China’s slew of tighter and broader regulations on fintech activities will curb systemic risk from under-regulated fintech growth but will also pose a mixed credit impact across a wide group of participants, said Moody’s recently.
“China’s fintech industry participants will have to adjust to tighter regulations that will have a broader and stronger oversight, leading to a period of moderating fintech growth and investment in the sector,” said Yan Li, a Moody’s Assistant Vice President and Analyst.
The China Banking and Insurance Regulatory Commission recently said all fintech platforms that offer banking services must comply with the same capital requirements as those imposed on traditional lenders.
The regulator has set different deadlines for different financial services with the longest grace period of no more than two years.
“Chinese authorities, therefore, will need to balance between maintaining system stability and fostering financial innovation. Strong policy incentives to encourage future fintech innovations that support economic development and financial inclusion will remain,”Li noted.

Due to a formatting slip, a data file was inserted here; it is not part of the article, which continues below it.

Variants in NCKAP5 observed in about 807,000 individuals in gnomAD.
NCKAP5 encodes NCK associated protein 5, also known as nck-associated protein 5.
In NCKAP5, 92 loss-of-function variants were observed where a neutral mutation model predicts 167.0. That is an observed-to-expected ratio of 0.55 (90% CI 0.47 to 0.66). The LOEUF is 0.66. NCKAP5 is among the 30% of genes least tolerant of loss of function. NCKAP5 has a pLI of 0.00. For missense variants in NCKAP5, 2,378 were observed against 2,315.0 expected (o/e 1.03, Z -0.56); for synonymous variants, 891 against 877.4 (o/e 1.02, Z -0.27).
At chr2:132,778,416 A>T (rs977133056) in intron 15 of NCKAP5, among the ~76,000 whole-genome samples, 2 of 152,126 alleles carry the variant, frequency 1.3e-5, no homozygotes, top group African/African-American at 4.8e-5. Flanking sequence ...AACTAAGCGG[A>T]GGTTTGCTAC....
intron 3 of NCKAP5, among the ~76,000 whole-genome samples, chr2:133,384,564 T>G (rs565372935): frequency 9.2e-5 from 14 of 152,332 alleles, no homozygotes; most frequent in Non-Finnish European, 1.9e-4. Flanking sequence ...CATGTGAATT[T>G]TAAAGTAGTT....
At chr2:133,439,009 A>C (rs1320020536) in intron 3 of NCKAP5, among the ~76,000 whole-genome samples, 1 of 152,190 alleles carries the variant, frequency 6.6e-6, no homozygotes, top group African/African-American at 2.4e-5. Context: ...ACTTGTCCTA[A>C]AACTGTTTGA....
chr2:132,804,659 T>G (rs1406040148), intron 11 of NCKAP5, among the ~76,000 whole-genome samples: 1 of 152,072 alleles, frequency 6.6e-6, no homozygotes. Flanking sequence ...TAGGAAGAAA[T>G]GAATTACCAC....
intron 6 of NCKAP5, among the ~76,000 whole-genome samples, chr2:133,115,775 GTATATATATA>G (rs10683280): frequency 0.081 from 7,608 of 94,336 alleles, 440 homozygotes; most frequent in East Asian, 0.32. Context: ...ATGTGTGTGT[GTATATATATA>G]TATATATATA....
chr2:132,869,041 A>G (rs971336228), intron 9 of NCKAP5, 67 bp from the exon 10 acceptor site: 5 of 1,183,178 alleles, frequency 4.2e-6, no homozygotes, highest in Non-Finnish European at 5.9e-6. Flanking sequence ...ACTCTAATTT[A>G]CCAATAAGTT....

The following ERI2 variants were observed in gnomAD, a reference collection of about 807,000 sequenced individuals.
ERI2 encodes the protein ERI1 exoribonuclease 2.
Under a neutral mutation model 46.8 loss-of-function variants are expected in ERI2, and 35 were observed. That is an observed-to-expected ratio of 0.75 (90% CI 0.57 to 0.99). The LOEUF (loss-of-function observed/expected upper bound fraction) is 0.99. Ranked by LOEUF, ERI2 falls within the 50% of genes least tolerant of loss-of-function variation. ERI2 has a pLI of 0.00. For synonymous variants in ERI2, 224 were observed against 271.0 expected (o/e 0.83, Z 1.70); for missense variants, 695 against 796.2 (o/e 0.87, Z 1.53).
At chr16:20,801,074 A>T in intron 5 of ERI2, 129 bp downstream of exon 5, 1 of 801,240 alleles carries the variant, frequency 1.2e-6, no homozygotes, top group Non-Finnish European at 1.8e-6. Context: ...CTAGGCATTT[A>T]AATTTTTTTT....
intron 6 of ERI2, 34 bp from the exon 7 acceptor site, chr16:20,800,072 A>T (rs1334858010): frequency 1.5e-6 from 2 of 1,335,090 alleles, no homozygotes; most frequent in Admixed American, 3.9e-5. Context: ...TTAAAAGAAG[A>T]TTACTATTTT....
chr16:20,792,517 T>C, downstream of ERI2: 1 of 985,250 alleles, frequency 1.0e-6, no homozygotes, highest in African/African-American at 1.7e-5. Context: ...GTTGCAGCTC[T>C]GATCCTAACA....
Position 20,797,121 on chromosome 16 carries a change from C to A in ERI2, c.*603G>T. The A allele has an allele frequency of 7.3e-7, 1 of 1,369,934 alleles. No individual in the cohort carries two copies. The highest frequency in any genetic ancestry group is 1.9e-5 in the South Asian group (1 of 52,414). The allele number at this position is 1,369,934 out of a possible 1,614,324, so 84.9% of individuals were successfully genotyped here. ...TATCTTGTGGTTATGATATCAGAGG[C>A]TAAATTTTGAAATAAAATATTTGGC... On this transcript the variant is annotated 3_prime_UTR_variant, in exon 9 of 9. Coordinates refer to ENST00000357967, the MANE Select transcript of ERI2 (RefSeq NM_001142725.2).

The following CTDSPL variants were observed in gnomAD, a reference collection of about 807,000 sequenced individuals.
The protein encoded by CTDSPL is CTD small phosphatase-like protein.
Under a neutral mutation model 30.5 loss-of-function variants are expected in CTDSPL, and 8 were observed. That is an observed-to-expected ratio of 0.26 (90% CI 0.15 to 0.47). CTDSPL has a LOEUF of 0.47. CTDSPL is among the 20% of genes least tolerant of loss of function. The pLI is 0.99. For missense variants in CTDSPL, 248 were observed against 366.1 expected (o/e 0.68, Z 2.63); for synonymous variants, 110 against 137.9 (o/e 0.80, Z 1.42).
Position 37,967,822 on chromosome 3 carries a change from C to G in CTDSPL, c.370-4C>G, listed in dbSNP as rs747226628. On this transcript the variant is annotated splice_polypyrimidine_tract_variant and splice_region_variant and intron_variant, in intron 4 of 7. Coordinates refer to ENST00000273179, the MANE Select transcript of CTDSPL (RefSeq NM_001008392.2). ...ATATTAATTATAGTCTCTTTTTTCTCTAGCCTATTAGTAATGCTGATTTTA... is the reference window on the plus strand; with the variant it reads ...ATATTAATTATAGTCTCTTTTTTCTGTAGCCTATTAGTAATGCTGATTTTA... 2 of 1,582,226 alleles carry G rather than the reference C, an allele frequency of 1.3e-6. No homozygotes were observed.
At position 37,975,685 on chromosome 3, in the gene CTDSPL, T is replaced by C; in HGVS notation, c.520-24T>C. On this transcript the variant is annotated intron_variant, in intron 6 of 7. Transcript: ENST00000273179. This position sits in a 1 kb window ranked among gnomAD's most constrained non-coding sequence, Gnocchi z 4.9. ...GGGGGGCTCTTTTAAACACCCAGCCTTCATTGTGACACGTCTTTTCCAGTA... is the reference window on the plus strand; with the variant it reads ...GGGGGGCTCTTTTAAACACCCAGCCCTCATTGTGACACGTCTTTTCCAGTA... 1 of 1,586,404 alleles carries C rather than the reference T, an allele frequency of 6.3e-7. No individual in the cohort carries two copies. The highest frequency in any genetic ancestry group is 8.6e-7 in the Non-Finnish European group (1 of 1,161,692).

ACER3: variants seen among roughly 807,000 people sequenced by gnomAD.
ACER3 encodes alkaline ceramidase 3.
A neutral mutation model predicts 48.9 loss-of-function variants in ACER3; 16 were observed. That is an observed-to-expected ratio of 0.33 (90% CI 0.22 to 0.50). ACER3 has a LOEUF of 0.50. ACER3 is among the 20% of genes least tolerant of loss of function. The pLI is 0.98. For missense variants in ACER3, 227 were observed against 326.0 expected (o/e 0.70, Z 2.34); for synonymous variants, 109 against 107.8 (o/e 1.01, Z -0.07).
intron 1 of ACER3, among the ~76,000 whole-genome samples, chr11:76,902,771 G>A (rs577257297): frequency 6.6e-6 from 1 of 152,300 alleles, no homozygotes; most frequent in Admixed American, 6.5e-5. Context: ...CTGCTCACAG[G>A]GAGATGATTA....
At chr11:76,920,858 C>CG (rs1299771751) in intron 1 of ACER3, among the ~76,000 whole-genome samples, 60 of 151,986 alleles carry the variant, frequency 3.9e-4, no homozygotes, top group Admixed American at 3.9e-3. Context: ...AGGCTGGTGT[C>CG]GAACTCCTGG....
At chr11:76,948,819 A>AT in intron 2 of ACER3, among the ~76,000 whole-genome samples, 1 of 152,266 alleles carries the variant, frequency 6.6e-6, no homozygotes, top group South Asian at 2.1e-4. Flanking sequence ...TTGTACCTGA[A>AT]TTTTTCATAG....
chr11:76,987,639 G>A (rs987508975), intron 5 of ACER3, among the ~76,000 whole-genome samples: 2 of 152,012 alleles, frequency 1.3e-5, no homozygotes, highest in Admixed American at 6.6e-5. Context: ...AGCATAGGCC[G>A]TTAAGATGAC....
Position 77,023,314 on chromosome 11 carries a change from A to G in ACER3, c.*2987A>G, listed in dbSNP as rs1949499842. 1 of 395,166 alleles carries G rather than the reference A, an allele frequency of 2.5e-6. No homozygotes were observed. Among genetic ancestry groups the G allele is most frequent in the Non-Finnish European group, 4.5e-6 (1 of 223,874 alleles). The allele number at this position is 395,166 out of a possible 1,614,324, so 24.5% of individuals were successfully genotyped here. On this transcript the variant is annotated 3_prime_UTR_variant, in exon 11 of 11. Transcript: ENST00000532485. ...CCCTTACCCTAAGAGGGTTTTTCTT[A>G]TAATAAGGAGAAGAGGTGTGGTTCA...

The credit impact will be mixed across fintech firms, financial institutions and the securitisation market in China, the credit rating agency said.
Credit risks will increase for fintech companies involved in the online microloan businesses because they will have to assume more credit risk, the firm added.
Small regional banks will face heightened credit challenges because of refinancing risks from borrowers while large internet companies will have to adjust business models and decelerate growth but are likely to have the financial resources and management capability to manoeuvre, Moody’s observed.
For leading financial institutions, their extensive technology penetration will allow them to easily transit to the new regulatory environment, according to the company.
In terms of securitisation transactions, asset risk in existing asset-backed security (ABS) deals sponsored by online lenders will increase because of rising refinancing risk, Moody’s said.
By contrast, future unsecured consumer loan ABS deals will benefit from the change in regulatory environment as underlying asset quality is likely to improve, the firm added.